Reduce purchasing, lead time, and inventory carrying costs; while improving working capital.

Increase Reliability

Increase supplier relationships, realistic promising, and shipping performance.

Automate Process

Automate purchasing to reduce errors, overhead, and paperwork.

Increase Compliance

Reduce maverick spend and spend leakage via contract compliance.


Planned orders for independent and dependent demand from MPS and MRP runs are fed into ERP’s short-term scheduling or an Advanced Planning & Scheduling (APS) ERP extension. These planned orders may contain a master schedule, BOM, routing files, priority rules, pick list, instructions, work center information, and machine setup and run time. Short-term scheduling converts the planned orders into production orders and purchase orders. It also determines the orders priority, sequence, and dispatch lists or shop schedules for production; based on available capacity, constraints, and desired due dates. The objective is to optimize efficiency and performance.

Next, ERP monitors, tracks, and analyzes manufacturing/production processes as they run. These can include production orders execution, raw material conversion into WIP and finished goods, and financial costing information.

ERP can also be integrated with a manufacturing execution system (MES). A MES monitors, manages, and controls production on a factory floor in real-time. The objective of a MES is to increase quality, improve productivity or performance, and reduce cycle time. Likewise, ERP integrated with MES better enables the on-time delivery of quality products in a cost-effective manner.

Benefits include:

Increase Throughput

Increase efficient use of assets for faster movement of materials, WIP, and finished goods within plants for faster throughput and increased capacity.

Speed to Market

Reduce supplier lead, processing, and customer wait times for quicker and more reliable delivery to customers and improved customer service.

Automate Data Collection

Automate time-consuming, costly, and error-prone manual data collection for improve decision making and visualization in dashboards and scorecards.

Increase Product Quality

Improve quality via accurate data collection and analysis for production deviations to improve compliance, reduce rejects, minimize recalls, and decrease containment response times.

Inbound/Outbound Logistics

ERP contains transportation management system (TMS), inventory management, and warehouse management system (WMS) functionality. For transportation management, capabilities can include route optimization, provider selection, and transport modes; based on lead time, stops, and cost. Fleet, materials, WIP, products, and KPIs can be tracked in real-time.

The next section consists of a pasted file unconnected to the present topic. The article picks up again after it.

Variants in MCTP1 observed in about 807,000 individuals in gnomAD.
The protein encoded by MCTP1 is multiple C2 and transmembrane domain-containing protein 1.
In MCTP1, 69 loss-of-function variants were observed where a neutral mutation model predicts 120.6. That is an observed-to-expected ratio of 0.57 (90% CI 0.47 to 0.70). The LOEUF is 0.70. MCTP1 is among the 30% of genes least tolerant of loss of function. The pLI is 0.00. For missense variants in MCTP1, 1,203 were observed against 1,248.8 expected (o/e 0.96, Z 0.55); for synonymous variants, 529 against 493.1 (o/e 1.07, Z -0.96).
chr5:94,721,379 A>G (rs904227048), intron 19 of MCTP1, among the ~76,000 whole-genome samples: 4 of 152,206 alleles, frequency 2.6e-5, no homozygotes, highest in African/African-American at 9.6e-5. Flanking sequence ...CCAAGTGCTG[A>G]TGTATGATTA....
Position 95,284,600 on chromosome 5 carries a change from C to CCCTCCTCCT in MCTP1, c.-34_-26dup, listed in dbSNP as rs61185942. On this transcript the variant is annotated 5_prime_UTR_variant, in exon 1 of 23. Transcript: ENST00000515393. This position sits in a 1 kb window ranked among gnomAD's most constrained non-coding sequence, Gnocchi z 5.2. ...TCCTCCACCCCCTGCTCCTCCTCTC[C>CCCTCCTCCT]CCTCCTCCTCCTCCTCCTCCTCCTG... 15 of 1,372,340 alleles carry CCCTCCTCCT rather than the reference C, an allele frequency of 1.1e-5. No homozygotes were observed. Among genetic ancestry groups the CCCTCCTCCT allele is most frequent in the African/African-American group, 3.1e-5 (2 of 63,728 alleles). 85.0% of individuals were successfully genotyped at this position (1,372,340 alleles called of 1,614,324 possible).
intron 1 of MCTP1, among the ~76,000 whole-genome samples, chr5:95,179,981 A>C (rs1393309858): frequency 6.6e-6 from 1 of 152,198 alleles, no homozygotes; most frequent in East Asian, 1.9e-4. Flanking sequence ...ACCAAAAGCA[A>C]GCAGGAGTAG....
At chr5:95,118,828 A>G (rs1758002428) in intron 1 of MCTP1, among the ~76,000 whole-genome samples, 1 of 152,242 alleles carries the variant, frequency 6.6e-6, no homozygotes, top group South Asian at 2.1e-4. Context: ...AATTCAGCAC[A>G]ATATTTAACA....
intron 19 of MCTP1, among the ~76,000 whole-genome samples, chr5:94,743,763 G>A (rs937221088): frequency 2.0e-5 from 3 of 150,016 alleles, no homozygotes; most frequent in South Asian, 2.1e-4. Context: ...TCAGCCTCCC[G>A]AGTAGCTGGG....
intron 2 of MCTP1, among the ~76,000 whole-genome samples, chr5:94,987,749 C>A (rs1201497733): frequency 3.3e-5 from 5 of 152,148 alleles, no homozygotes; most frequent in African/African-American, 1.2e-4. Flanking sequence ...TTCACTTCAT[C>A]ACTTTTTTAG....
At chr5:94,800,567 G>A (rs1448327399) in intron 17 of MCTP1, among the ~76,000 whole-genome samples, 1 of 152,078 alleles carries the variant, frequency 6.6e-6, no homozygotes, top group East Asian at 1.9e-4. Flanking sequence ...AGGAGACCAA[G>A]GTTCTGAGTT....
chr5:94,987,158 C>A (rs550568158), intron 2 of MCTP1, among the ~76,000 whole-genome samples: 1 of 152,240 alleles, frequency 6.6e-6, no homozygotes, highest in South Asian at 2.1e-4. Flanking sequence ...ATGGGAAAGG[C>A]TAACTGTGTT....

A yard management system (YMS) integrates transportation with warehouse operations to manage inbound (procurement) and outbound (shipping) flows. WMS functionality include monitoring and managing material receipt, movement, storage, and dispatch within facilities.

RFID, bar code scanners, and mobile computers may be used for automatic identification, data capture, and transmission to a central data warehouse. WMS extended functionality may include pick-to-light and voice-directed picking systems to speed up order preparation and loading.

TMS and WMS also work with customer relationship management (CRM) and order management systems (OMS) for order fulfillment. Order fulfillment entails order placement, receipt, processing, preparation, loading, and delivery.

OMS processes consist of order entry, credit checks, inventory allocation, invoice generation, and fulfillment location. A distributed order management (DOM) system is extended OMS functionality. It is used to allocate orders across a network of production, distribution, and/or retail locations to optimize cost and service levels.

A CRM stores and manages current and prospective customers’ interactions with sales, marketing, customer service, and technical support; in a single location. CRM and OMS work together to ensure relevant, current customer requirements and information are used to minimize errors, rework, and returns.

Finally, reverse logistics can be used to process returns to minimize waste. The objective is to receive, sort, stage, and determine which returns can be sent to inventory. Other items may be repaired, refurbished, remanufactured, and repackaged for secondary markets.

Benefits include:

Reduce Logistics Cost

Reduce transportation, warehousing, and inventory carrying costs via better decision making.

Increase Customer Service

Optimize the trade-off between minimal logistics cost and maximum customer service levels when fulfilling orders.

Increase Revenue

Increase customer retention with consistent, personalized experience across multiple channels and touchpoints.

Reduce Waste

Standardize return process, utilize asset recovery, and improve productivity.